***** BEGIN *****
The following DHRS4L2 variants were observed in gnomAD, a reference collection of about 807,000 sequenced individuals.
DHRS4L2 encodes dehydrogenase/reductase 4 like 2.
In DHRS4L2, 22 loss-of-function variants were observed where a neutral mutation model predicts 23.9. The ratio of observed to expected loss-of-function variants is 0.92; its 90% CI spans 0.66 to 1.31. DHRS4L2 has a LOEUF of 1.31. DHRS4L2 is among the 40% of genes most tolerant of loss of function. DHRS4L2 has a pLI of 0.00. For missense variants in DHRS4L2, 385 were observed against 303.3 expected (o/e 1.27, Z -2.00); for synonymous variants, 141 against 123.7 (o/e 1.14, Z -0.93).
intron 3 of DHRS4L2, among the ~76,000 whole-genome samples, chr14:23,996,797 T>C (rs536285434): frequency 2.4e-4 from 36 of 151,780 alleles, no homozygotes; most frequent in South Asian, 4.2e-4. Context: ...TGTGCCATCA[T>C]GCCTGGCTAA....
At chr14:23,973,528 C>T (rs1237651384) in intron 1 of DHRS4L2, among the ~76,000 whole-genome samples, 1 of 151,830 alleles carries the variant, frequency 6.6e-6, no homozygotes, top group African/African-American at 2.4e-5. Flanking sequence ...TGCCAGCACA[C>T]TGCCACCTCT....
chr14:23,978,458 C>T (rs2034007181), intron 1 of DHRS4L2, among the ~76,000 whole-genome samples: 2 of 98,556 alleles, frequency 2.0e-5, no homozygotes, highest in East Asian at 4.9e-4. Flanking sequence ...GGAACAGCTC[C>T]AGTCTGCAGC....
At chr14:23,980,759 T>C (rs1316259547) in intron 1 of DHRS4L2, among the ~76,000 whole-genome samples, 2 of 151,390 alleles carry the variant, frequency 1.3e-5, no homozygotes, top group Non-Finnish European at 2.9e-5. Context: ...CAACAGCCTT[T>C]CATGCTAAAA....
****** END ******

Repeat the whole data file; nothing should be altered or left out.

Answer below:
The following DHRS4L2 variants were observed in gnomAD, a reference collection of about 807,000 sequenced individuals.
DHRS4L2 encodes dehydrogenase/reductase 4 like 2.
In DHRS4L2, 22 loss-of-function variants were observed where a neutral mutation model predicts 23.9. The ratio of observed to expected loss-of-function variants is 0.92; its 90% CI spans 0.66 to 1.31. DHRS4L2 has a LOEUF of 1.31. DHRS4L2 is among the 40% of genes most tolerant of loss of function. DHRS4L2 has a pLI of 0.00. For missense variants in DHRS4L2, 385 were observed against 303.3 expected (o/e 1.27, Z -2.00); for synonymous variants, 141 against 123.7 (o/e 1.14, Z -0.93).
intron 3 of DHRS4L2, among the ~76,000 whole-genome samples, chr14:23,996,797 T>C (rs536285434): frequency 2.4e-4 from 36 of 151,780 alleles, no homozygotes; most frequent in South Asian, 4.2e-4. Context: ...TGTGCCATCA[T>C]GCCTGGCTAA....
At chr14:23,973,528 C>T (rs1237651384) in intron 1 of DHRS4L2, among the ~76,000 whole-genome samples, 1 of 151,830 alleles carries the variant, frequency 6.6e-6, no homozygotes, top group African/African-American at 2.4e-5. Flanking sequence ...TGCCAGCACA[C>T]TGCCACCTCT....
chr14:23,978,458 C>T (rs2034007181), intron 1 of DHRS4L2, among the ~76,000 whole-genome samples: 2 of 98,556 alleles, frequency 2.0e-5, no homozygotes, highest in East Asian at 4.9e-4. Flanking sequence ...GGAACAGCTC[C>T]AGTCTGCAGC....
At chr14:23,980,759 T>C (rs1316259547) in intron 1 of DHRS4L2, among the ~76,000 whole-genome samples, 2 of 151,390 alleles carry the variant, frequency 1.3e-5, no homozygotes, top group Non-Finnish European at 2.9e-5. Context: ...CAACAGCCTT[T>C]CATGCTAAAA....